Interpersonal Communication and Mass Communication
The most influential assumption about the relationship between mass communication and interpersonal communication is the notion of the “two-step flow of communication” proposed by the Columbia researchers half a century ago. It implies the assumption that far fewer people attend to messages from mass media than to word-of-mouth communication from personal associates, and that those who attend to the media serve—as so-called opinion leaders—as relays that filter media messages and convey only those into their groups that conform to these groups’ prevailing norms. If this hypothesis was ever valid, the expansion of television since World War II has changed its premises profoundly. While reading newspapers is still not a common activity in many countries, television nowadays brings political news to virtually everyone’s attention everywhere. Yet, as demonstrated by Table 1, in many countries considerable portions of societies never get exposed to political information while interacting with other people. Hence, there are sizable pockets of non-discussants who nonetheless take part in political communications by watching television. It is probably safe to say that nowadays the reach of the mass media surpasses the reach of interpersonal political communication everywhere.
Accepting this, some studies argued that the two forms of political communication nonetheless play different roles for those exposed to them. While political conversations have been found to possess a considerable capacity to influence attitudes and behaviors of those taking part in them, mass communication’s influence has been assumed to be constricted to cognitive effects, in particular agenda setting. However, after a long period of neglect, caused by the predominance of the “limited effects model” and the cognitive paradigm in effects research, recent years have seen a revived interest in the question of whether the media can not only inform but also persuade their audiences. Opinions, attitudes, and even behavior are no longer believed to be totally immune from media influences. Hence, the question can be legitimately raised as to which of the two forms of political communication—mass communication or interpersonal communication—is more important with regard to the formation and change of citizens’ political orientations. On the whole, beginning with Katz and Lazarsfeld’s classic study Personal Influence (1955), existing research suggests that mass communication is by no means irrelevant with regard to political persuasion, but that on the whole the impact of political discussion is indeed more powerful than that of media usage. Remarkably, this seems to extend even to cognitive effects like agenda setting.
Various attributes of interpersonal communication contribute to its higher effectiveness as a political influence. Typically, it is more one-sided than mass communication, so that there is a lower chance for oppositional messages to neutralize each other. Furthermore, it is more flexible. Participants in political talks can at all times adapt their messages to the flow of conversation and tailor their messages in such a way that their impact is optimized. To do so, they can make use of a large variety of verbal and nonverbal tactics, including emotional cues. Furthermore, depending on the nature of the relationship they may be able to impose sanctions on their associates in cases of noncompliance. Last, the casual character of many interpersonal communication events may soften individuals’ tendency of selectivity when attending to and accepting inconvenient political messages. Only under very specific circumstances—for instance, when few people engage in political discussion while the media cover politics in a very one-sided way—may mass communication exert a more powerful impact on citizens’ political orientations than interpersonal communication.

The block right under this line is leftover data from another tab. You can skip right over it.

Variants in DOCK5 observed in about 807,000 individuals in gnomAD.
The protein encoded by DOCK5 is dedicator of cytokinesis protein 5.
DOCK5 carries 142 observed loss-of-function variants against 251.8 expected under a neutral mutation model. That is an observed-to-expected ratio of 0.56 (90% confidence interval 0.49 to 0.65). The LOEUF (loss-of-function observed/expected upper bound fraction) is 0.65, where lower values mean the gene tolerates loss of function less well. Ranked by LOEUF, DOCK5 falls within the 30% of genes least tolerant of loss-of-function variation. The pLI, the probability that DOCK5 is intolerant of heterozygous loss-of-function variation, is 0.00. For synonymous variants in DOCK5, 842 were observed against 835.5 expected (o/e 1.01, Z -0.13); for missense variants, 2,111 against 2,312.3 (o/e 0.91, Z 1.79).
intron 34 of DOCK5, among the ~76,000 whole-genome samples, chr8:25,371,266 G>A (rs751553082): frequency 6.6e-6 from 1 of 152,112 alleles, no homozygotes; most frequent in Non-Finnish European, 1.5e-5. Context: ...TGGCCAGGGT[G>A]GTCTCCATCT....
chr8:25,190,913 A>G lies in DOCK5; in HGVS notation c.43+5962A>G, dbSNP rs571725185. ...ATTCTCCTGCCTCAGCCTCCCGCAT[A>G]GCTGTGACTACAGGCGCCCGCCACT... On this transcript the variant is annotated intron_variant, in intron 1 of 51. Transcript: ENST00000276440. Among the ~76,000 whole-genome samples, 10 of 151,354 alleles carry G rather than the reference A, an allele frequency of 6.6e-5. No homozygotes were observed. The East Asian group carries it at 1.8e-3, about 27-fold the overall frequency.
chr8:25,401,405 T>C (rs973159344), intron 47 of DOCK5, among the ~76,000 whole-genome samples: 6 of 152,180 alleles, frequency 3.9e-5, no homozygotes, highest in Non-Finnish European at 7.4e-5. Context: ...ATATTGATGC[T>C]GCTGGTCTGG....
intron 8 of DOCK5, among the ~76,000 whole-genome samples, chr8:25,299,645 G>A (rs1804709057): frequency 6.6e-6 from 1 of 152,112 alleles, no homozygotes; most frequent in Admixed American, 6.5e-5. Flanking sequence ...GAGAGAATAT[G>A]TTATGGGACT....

While interpersonal communication as a source of political information for individuals is sometimes seen as an alternative to mass communication, empirical research does not provide evidence for such a division of labor. Rather, the intensity of interpersonal communication appears positively linked to the attention paid to the political reporting of mass media, particularly the press. Exposure to sources of political information follows a cumulative “the more, the more” logic rather than a logic of alternatives. Probably, the relationship between media use and political talking is best understood as being transactional. Receiving mediated political information can stimulate secondary communication to make sense of media content by talking it through. At the same time, political discussion can incite increased attention to media’s public affairs coverage, to learn more about some topics one heard about from others, or to prepare for anticipated upcoming conversations.
Often, political talks focus on themes and frames that originate from the media, so that at least to some degree it appears inappropriate to conceive of them as an independent form of political communication. As French sociologist Gabriel Tarde observed more than a century ago, “Every morning the papers give their publics the conversations of the day.” Informal communication is an important tool for processing the information received from the media, assisting people in making sense of the political world beyond the realm of their personal experience. Discussing media content with one’s associates thus serves as metacommunication that helps assess the viability of media messages by means of a “social reality test.” According to recent studies, individuals embedded in politically homogeneous discussant networks tend to perceive stronger biases in the media’s political reporting than others. More important, depending on their political composition, discussant networks may even serve as facilitators or inhibitors of media effects on political preferences. Furthermore, mass and interpersonal communication also seem to interact with regard to political mobilization. Media consumption stimulates political participation especially among people who intensely discuss politics, less so among those who rarely or never engage in political talk.